Parts of the UK are braced for further flooding, as heavy rain and strong winds continue to sweep across Britain.
Yellow weather warnings for rain are in force across the north-east of England and eastern Scotland - while a more severe amber warning has been issued for north-east Scotland for Friday.
The "atrocious" weather has already seen widespread travel disruption - with some commuters stranded.
More than 175 flood warnings and alerts are in place in England and Scotland.
Met Office meteorologist Tom Morgan said amber warning areas such as Aberdeen would experience more than 100mm of rain.
On Thursday evening, the Met Office said more than half a month's worth of rain had fallen in some areas in the last 24 hours. Low Laithes in West Yorkshire saw 53mm (2.1in) of rain and 50mm (1.97in) fell in Tealby, Lincolnshire.
Travellers have already faced widespread disruption this week due to the weather, with some road and rail passengers stranded as routes were blocked by flooding.
Kate Priest, from Shoreham, a coastal town in West Sussex, did not get home until 02:50 GMT on Thursday morning - five hours later than expected, after severe flooding blocked the train line from London.
"It was completely miserable," she told the BBC. "At one point I thought I'm going to have to sleep on the train."
She said she and her fellow passengers spent three hours stuck at Haywards Heath station in the pouring rain, before the Southern train retraced its steps and eventually took a different line to the coast.
"People were kind of frustrated and resigned," she added. "Obviously there's not a lot you can do. One lady was really distressed, she had some kind of appointment. She was in tears but the train guard was lovely." The disruption has since cleared.
Under the yellow warnings - which stretch across Manchester, Leeds, Hull and Newcastle until 07:00 on Friday, and across Edinburgh, Perth and Dundee until 18:00 - forecasters say there could be flooding and delays to buses and trains.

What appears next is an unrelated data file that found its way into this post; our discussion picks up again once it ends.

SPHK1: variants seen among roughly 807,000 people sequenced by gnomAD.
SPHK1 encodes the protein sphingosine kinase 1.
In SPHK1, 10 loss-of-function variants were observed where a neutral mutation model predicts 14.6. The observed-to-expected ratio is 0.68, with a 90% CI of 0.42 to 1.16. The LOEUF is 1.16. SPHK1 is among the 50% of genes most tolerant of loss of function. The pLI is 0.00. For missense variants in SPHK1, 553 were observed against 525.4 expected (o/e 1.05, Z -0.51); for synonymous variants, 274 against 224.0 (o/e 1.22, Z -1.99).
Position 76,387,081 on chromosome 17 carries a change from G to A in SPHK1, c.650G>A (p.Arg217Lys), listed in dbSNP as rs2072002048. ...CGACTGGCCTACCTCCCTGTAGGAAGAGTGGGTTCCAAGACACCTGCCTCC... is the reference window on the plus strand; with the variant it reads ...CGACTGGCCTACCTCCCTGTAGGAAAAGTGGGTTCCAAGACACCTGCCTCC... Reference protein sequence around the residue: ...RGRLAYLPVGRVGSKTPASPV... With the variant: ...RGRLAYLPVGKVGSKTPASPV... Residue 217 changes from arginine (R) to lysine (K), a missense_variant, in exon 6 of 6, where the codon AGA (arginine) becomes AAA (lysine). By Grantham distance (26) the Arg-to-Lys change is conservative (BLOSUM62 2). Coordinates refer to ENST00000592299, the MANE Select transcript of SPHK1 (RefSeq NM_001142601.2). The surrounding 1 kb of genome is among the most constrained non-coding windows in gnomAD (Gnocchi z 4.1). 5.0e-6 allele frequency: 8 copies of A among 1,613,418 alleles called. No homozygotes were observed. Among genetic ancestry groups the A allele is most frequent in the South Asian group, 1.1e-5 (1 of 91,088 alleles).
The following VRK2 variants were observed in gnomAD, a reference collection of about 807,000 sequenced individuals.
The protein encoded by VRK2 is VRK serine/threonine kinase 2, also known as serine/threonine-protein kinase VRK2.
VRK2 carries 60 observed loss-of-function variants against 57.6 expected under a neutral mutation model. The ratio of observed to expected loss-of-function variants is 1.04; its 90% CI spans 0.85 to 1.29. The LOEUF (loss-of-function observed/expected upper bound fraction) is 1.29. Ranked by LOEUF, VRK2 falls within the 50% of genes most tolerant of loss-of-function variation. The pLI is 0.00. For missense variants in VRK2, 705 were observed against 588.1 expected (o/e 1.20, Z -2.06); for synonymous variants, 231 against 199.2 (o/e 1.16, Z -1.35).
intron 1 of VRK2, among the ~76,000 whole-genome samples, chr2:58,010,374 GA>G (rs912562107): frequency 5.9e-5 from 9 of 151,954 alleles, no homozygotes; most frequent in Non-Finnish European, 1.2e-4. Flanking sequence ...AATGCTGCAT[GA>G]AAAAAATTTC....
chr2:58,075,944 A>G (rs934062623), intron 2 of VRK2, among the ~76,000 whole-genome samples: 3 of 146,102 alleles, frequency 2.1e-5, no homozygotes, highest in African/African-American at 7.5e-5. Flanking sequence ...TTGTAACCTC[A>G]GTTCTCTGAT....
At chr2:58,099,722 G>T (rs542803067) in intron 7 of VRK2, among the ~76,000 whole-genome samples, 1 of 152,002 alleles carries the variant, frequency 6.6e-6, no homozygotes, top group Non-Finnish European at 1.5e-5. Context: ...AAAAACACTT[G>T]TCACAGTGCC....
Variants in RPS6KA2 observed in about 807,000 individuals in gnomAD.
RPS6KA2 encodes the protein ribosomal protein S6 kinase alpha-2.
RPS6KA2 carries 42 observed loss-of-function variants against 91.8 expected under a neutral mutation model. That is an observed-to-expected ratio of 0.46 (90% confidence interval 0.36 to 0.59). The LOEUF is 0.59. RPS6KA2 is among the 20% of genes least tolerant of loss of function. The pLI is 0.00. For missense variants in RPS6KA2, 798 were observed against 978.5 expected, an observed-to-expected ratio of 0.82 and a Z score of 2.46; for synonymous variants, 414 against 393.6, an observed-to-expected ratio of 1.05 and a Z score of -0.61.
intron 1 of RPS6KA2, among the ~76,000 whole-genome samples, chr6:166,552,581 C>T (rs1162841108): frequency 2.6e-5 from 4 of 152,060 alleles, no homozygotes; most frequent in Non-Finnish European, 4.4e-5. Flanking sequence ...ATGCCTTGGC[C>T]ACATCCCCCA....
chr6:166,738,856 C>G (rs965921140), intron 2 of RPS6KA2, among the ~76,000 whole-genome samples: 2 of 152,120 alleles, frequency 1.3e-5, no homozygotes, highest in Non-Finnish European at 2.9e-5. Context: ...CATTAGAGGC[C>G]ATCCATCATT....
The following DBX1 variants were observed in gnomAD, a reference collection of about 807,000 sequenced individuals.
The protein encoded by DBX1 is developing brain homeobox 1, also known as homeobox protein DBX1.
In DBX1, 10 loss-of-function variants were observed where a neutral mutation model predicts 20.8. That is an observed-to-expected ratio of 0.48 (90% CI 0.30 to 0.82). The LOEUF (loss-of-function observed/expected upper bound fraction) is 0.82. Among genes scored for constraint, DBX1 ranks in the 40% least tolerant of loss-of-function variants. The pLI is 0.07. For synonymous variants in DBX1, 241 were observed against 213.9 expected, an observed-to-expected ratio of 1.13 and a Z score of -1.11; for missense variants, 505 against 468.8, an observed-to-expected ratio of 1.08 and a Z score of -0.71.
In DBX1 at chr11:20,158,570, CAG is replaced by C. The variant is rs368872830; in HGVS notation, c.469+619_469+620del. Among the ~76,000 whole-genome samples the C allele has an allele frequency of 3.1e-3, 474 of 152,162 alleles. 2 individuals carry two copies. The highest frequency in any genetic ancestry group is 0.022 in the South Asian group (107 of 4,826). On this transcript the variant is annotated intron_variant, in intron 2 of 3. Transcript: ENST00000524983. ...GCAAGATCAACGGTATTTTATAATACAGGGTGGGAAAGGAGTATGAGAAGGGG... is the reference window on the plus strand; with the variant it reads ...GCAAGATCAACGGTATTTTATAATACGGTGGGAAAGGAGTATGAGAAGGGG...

The amber warning, which lasts until 15:00 on Friday for areas further north, says there could be a danger to life from fast flowing or deep floodwater, and some communities could be cut off.
Aberdeen City Council, which has cancelled its Christmas tree lights switch-on event because of the weather forecast, has urged residents in flood-prone areas to stock up on sandbags and other flood-prevention tools.
Motorists have already been urged to stay off roads in areas that faced heavy rain.
Some rail lines have been impacted and authorities in West Sussex have urged people to "only travel if necessary" after 20 cars became stuck on the A27.
Heavy rain has also flooded the railway in parts of Yorkshire causing disruption to routes between Pontefract Monkhill and Wakefield Kirkgate, as well as between Harrogate and Leeds.
ScotRail said it was putting 40mph speed restrictions on some services from Thursday afternoon as "over a month's worth of rain" is expected to fall across eastern Scotland over the next two days.
Lines affected include parts of the routes from Edinburgh to Aberdeen, Stirling to Dundee and Ladybank to Perth.
Fyvie Castle, a National Trust property in Aberdeenshire, has decided to close its grounds as a result of the "heavy rain and high winds forecast".
"The warning areas are where we are most concerned about the risk of flooding but it doesn't mean that the areas outside them are not going to see some pretty atrocious conditions."
He said Scotland could see "two days of persistent rain" and this may result in snow falling in the Scottish Highlands - although this is not unusual for November.
The Environment Agency said it had been closely monitoring the situation and advised people to stay away from swollen rivers and not to drive though flood water.
Flood duty manager Chris Wilding said the heavy rain across England was "expected to lead to minor surface water flooding and river flooding impacts".
The M23 motorway in Sussex was closed after heavy rain caused disruption. The road between Junction 10 for Crawley and Junction 11 for Pease Pottage was reopened after several hours, but some lanes remain shut.
West Sussex Fire and Rescue Service said it responded to 70 incidents overnight and warned motorists not to drive through deep floodwater.
Flooding also caused disruption to Southern services between Lewes and Brighton and the cancellation of trains on the Isle of Wight on Thursday morning.
Police in Winchester, in Hampshire, warned the public about a large tree that had come down and blocked a road in Swanmore.
Services between Tonbridge and Hastings have resumed after a fault involving a blown fuse and a melted piece of signalling equipment was fixed.
Flooding across the South East has caused problems for commuters